reading and capturing its essence.
• The information was then be prepared and analyzed.
• Analysis : open coding, categorizing of data, & identification of
themes (DeSantis & Ugarriza 2000).
• Themes were then classified and reduced to reflect relationships
(Burns & Grove 2005).
4. Results & Discussion

• 4 themes.
• ‘interpersonal factors’,
• ‘educational factors’,
• ‘private operating room context’,
• ‘recommendations’,
relate to context, which is the overarching theme in
this study.
• The themes are reflective of the factors that
influenced the quality and degree of learning
encountered in the operating room, and whether,
ultimately, the operating room provided an
environment conducive to meaningful clinical
learning.
Theme 1: interpersonal factors
• Reflects the interpersonal factors in the operating
room
• the operating room presents both enablers and
constraints to learning
• Interpersonal factors which served as enablers to
learning:
• acknowledgement and respect from doctors
• contributing to feelings of inclusiveness as team
members
• Displays of teamwork and coping with stress
• Constraints to learning:
• feelings of inadequacy
• anxiety before clinical placement, attributed to fear
of the unknown and previous negative encounters.
Theme 2: educational factors
• Elucidated participants’ educational experiences
and opportunities
• positive learning outcomes:
• better understanding of anatomy, pain management,
understanding doctor's orders, pharmacology
• assertiveness which ensured survival and may have
enabled a better learning experience.
• Constraints:
• The extent to which operating room staff engaged
in teaching and learning activities with the
participants
• Support offered
Theme 3: private operating room context
• Reveals participants’ perceptions of specific
experiences in the private operating room
context, which may have influenced their learning
experience.
• The unpredictable nature of the operating room
(which could exist both in private and public
sectors) was perceived as an enabler to learning
• Constraints:
• lack of time, fast pace, and stressful nature
within the private operating room
• the lack of mentoring and teaching in the
private hospital operating room
• might be as a result of the focus on profitability and
cost to patient.
Theme 4: recommendations
• Reflects the opinions and suggestions made by
participants that may enable learning in the
operating room in future

• the need for future students to be more positive


about the operating room placement
• need for designated mentors in the operating
room, proper orientation, guidance, preparation,
involvement from staff, and improved
communication.
5. Findings from research related to
my study

• Lydon and Burke (2012) and Espiritu et al. (2012)


- poor preparation of students before clinical
placement often led to negative learning
experiences.
• (Sharif and Masoumi, 2005), (Mabuda et al., 2008;
Mogale, 2011) - feelings of inadequacy &
exclusion by participants , emanating from
negative attitudes and behaviors of operating
room staff towards their teaching role.
• Yardley et al. (2012) emphasized the lack of
support as a prominent factor in inadequate
conceptualization of learning experiences.
• Henderson et al., 2009 - The development of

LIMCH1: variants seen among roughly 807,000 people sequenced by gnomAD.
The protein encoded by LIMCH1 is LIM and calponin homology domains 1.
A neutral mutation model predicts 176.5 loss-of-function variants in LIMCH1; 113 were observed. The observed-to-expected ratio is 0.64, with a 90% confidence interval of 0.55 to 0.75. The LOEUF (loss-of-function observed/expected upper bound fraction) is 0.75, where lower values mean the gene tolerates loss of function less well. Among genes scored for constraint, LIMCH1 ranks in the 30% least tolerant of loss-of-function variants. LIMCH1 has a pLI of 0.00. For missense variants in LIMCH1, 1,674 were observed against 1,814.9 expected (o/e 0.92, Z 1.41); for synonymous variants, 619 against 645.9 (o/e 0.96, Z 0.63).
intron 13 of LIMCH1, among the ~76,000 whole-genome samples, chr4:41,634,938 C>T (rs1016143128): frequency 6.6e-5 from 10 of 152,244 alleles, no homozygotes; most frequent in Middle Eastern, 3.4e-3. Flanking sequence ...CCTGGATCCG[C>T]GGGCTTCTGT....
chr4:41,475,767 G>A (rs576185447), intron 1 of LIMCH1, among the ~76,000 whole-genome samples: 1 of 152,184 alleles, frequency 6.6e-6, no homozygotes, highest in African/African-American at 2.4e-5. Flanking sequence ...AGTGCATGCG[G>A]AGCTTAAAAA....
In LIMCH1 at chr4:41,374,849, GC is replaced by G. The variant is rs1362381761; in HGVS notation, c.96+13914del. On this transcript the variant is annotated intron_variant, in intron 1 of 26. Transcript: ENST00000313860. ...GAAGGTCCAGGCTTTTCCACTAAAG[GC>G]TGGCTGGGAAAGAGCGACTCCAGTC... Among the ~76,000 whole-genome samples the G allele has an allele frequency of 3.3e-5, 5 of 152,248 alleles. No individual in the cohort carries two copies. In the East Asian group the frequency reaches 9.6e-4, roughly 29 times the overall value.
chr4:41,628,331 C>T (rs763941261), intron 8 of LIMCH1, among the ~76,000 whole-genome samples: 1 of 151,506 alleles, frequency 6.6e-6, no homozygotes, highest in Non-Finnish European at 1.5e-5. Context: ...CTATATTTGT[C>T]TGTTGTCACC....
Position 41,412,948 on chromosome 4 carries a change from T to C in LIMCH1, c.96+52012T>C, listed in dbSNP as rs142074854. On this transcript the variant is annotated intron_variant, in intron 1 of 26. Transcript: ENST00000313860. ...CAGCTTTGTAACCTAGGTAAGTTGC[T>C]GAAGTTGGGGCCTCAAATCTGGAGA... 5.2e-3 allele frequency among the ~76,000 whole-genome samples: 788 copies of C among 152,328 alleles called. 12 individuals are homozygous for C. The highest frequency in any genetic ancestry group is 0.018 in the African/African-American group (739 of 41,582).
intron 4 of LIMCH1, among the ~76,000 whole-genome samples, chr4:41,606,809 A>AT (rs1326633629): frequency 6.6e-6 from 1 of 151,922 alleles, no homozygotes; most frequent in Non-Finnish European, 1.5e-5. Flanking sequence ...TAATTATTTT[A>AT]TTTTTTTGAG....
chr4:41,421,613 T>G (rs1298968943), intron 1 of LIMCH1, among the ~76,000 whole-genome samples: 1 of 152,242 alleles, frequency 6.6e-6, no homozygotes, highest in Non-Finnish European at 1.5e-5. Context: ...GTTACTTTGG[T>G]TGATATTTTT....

critical knowledge and skills may be dependent on
supportive staff-student interactions
6. Conclusion & Recommendations

• To address the challenges encountered in this


study
• Exploration into the specific preparatory needs of
students specific to learning outcomes before
operating room placement
• improve collaboration and communication
between lecturers, mentors and theatre managers
• The appointment of designated preceptors to
increase support for students while on clinical
placement
• Explicating the learning objectives of the students
undertaking clinical placements (Callaghan, 2010).
7. Limitations

• Limitations
• Extrapolation of data
• Small sample size
8. References

• Bolton, G., 2001. Reflective Practice: Writing and Professional


Development. Paul Chapman, London
• Bulman, C., Schutz, S., 2004. Reflective Practice in Nursing.
Blackwell Publishing Inc, Oxford, UK.
• Burns, N., Grove, S., 2005. The Practice of Nursing Research, fifth
ed. Elsevier Saunders, Missouri.
• Callaghan, A., 2010. Student nurses' perceptions of learning in a
perioperative environment. J. Adv. Nurs. 67 (4), 854e864.
• Clare, J., Brown, D., Edwards, H., Van Loon, A., 2003. Evaluating
Clinical Learning Environments: Creating Education-practice
Partnerships and Benchmarks for Nursing. Flinders University,
School of Nursing and Midwifery, Adelaide.
• De Santis, L., Ugarizza, D.N., 2000. The concept of theme as used
in qualitative nursing research. West. J. Nurs. Res. 22 (3), 351e372.
• De Vos, A.S., Strydom, H., Fouche, C.B., Delport, C.S.L., 2011.
Research at Grass Roots: for the Social and Human Service
Professions. Van Schaik Publishers, Hatfield.
• Dunn, S., Hansford, B., 1997. Undergraduate nursing students' perceptions
of their clinical learning environment. J. Adv. Nurs. 25, 1299e1306.
• Edwards, H., Smith, S., Courtney, M., Finlayson, K., Chapman, H., 2004.
Impact of placement location on nursing competence and preparedness for
practice. Nurse Educ. Today 24 (4), 248e255.
• Espiritu, M.O., Soriano, M.A.I., Tinampay, A.M.I., Valendez, J.V.S., Vedad,
K.J., Villanueva, A.O., 2012. Experiences of operating room nurses on duty
together with the student nurses. Nurs. Res. J. 4, 91e112.
• Findik, U.Y., Ozbas, A., Cavdar, I., Topcu, S.Y., Onler, E., 2015. Assessment
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QUESTIONS